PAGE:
Former district spokesman Brad Sales, a Zacarias confidant and loyalist, was not impressed: “Yeah, there are bathrooms that need to be cleaned up and textbooks that may not have gotten to every kid -- though we were told otherwise. But we felt we were making needed change. And though bathrooms and books are important, Cortines has got to do more than clean bathrooms and get textbooks out there. That was frankly a shallow statement of priorities.”
Cortines more or less concurred. “I do agree that‘s just the surface,” he said. “But I’m trying to send a message. There are some basic, symbolic things that we need to do. To people in the schools, books and bathrooms are damn important.” But they‘re just a starting point. “Before I leave here, I will leave the school board a functional reorganization plan based on looking at things and talking to various people and my own past experience on how you make a system run smoother with fewer people at the central office.”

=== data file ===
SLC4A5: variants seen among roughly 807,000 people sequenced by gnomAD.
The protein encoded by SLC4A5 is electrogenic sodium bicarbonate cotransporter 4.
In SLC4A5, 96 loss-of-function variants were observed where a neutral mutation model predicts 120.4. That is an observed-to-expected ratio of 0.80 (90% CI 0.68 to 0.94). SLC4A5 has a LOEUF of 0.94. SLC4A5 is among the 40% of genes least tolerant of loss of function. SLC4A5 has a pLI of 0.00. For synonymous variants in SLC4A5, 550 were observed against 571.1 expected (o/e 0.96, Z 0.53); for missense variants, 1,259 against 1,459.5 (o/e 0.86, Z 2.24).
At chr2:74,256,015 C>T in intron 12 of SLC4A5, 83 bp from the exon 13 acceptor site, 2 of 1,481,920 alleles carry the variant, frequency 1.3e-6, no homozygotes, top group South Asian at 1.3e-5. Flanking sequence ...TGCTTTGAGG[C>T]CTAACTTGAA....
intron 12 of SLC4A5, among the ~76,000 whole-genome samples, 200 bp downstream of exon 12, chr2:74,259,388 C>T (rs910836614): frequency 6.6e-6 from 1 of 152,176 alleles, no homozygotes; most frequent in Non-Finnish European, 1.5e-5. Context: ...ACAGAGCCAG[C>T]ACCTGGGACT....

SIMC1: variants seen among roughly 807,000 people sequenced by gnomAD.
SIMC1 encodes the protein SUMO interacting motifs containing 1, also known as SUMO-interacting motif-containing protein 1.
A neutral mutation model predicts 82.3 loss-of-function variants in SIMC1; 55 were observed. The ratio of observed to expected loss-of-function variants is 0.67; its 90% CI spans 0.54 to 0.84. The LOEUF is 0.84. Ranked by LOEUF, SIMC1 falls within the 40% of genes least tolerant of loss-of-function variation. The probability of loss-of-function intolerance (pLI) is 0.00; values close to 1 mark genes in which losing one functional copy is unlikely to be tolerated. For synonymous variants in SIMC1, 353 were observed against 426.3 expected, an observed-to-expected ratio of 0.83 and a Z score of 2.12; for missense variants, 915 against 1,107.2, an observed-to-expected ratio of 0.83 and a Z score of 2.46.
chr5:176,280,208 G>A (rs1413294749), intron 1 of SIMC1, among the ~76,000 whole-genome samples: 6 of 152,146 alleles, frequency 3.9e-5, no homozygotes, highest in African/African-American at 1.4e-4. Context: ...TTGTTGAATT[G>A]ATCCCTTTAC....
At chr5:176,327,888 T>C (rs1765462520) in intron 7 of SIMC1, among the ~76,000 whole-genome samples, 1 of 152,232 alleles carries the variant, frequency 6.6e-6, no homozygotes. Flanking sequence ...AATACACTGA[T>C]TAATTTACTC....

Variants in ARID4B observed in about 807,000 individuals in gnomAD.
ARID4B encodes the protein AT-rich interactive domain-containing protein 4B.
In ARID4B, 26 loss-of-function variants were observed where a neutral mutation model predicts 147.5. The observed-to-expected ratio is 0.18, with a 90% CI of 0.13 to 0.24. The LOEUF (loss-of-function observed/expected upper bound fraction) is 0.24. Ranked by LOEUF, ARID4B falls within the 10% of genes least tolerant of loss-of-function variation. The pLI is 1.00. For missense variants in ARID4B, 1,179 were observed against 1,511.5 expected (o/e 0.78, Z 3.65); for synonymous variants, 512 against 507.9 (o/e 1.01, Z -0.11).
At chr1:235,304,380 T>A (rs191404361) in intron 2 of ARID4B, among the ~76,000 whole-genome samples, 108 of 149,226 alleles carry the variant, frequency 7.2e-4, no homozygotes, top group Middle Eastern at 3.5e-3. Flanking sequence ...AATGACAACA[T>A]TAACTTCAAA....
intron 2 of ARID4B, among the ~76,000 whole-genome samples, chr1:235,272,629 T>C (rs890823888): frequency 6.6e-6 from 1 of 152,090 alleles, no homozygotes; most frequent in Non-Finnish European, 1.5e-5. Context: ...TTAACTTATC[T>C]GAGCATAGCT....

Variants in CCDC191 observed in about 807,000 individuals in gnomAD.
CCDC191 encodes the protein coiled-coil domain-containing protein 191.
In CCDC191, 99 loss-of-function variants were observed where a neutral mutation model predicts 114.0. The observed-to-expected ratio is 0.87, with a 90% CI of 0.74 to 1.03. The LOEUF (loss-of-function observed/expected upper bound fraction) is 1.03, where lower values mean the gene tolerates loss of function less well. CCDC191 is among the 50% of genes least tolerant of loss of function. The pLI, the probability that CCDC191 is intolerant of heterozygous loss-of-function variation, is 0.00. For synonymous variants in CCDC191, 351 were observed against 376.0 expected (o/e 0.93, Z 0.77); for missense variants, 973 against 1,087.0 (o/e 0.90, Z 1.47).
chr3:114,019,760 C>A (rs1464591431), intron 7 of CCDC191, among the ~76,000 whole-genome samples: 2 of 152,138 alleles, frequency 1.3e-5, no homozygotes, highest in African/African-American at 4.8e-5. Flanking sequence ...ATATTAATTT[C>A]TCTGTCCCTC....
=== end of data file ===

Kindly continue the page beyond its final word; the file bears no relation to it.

Cortines and school-board members well understand that if they don’t get it right, outside forces will push for a different sort of restructuring: the permanent breakup of the massive school system.
So how about the Zacarias plan as a starting blueprint?
“I‘ve never seen it,” said Cortines, adding that for now, “I’m an adviser to Superintendent Zacarias. That‘s between him and the board.”
At the press conference after the school board voted to buy out his contract, Zacarias seemed surprised when a reporter brought up the subject. And attorney Coyne was touched that someone would even inquire: “To be honest, it’s nice to be asked about it. No one has shown much interest.”